One second-round pick is obviously a disappointing haul for your franchise player, but it’s also a pretty good indication that your franchise needs a drastic rebuild. Good on Detroit’s management for finally biting the bullet to escape the late lottery and avoid a scenario where Drummond accepts his player option for the 2020-21 season. But there’s still no excuse for letting the center’s trade value get to this point. Detroit at least appears ready to commit to a youth movement and will eventually need to find a new home for Blake Griffin if possible. Ultimately, salvaging any value for Drummond is better than nothing.
Golden State Warriors
In: Andrew Wiggins, 2021 top-three-protected first-round pick (via Minnesota), 2020 second-round pick (via Dallas), 2020 second-round pick (via Utah), 2021 second-round pick (via Denver), 2022 second-round pick (via Toronto),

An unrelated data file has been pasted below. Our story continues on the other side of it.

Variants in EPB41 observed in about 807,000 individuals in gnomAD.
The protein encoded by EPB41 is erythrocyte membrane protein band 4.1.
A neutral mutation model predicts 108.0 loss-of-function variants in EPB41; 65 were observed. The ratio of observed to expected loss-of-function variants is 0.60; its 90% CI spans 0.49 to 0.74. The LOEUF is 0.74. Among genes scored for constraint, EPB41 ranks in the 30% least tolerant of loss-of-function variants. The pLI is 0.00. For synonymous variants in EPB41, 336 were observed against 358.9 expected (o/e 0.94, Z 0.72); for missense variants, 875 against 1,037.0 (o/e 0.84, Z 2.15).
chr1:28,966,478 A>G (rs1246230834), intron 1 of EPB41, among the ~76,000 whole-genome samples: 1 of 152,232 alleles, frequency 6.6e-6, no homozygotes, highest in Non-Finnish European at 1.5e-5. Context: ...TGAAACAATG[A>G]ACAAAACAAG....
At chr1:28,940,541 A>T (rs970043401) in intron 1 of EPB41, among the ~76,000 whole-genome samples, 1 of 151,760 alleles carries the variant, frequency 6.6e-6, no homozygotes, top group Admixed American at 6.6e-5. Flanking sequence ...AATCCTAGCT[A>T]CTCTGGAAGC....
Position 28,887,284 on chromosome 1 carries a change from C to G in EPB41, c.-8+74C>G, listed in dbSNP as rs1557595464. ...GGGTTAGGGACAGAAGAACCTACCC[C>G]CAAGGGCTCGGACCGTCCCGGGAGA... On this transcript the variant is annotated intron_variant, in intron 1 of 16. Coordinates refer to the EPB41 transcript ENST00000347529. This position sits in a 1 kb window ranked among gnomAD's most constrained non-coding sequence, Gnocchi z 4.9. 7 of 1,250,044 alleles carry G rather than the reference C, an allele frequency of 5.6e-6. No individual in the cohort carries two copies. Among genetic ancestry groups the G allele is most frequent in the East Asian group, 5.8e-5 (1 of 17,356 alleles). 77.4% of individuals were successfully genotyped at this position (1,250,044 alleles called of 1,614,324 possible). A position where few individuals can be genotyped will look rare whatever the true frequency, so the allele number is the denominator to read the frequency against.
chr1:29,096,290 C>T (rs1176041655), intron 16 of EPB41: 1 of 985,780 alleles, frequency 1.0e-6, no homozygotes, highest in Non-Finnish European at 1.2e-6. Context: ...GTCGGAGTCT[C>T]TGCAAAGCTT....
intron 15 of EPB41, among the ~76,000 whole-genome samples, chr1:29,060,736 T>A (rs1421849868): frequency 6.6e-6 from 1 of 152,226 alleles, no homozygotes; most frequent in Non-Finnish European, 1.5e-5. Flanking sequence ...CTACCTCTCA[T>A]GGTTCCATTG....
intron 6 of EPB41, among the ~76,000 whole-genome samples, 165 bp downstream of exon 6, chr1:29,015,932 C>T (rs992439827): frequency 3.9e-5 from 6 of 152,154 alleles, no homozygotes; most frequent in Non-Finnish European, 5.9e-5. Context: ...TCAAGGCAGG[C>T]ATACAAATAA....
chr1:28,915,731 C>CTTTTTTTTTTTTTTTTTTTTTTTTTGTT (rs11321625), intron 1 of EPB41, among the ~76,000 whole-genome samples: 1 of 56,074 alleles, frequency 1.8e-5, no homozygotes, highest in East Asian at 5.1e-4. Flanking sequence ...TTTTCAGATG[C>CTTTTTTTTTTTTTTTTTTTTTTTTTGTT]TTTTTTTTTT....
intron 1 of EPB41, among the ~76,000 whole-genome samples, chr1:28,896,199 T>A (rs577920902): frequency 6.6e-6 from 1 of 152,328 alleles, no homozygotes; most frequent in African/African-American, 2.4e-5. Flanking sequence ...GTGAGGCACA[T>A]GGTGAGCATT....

Out: D’Angelo Russell, Jacob Evans, Omari Spellman, Willie Cauley-Stein, Glenn Robinson III, and Alec Burks
There are Tobias Fünke levels of delusion necessary to think a change of scenery will fix all the flaws of Andrew Wiggins, but the downgrade in production from Russell to Wiggins is more than made up for by the inclusion of Minnesota’s first-round pick with minimal protections (top-three protected in 2021, unprotected in 2022) and Golden State getting under the luxury tax and avoiding the repeater tax next season. The Warriors are betting on Russell not moving the needle too much for the Timberwolves next season, and with the strength of the Western Conference and the obvious defensive flaws and youth of Minnesota’s roster, it’s a smart bet to make. Wiggins is an easier fit alongside the Splash Brothers in a reprisal of the Harrison Barnes role than Russell would have been taking possessions away from Stephen Curry. Giving more possessions to Curry is the best possible strategy—and something that Russell would have inhibited.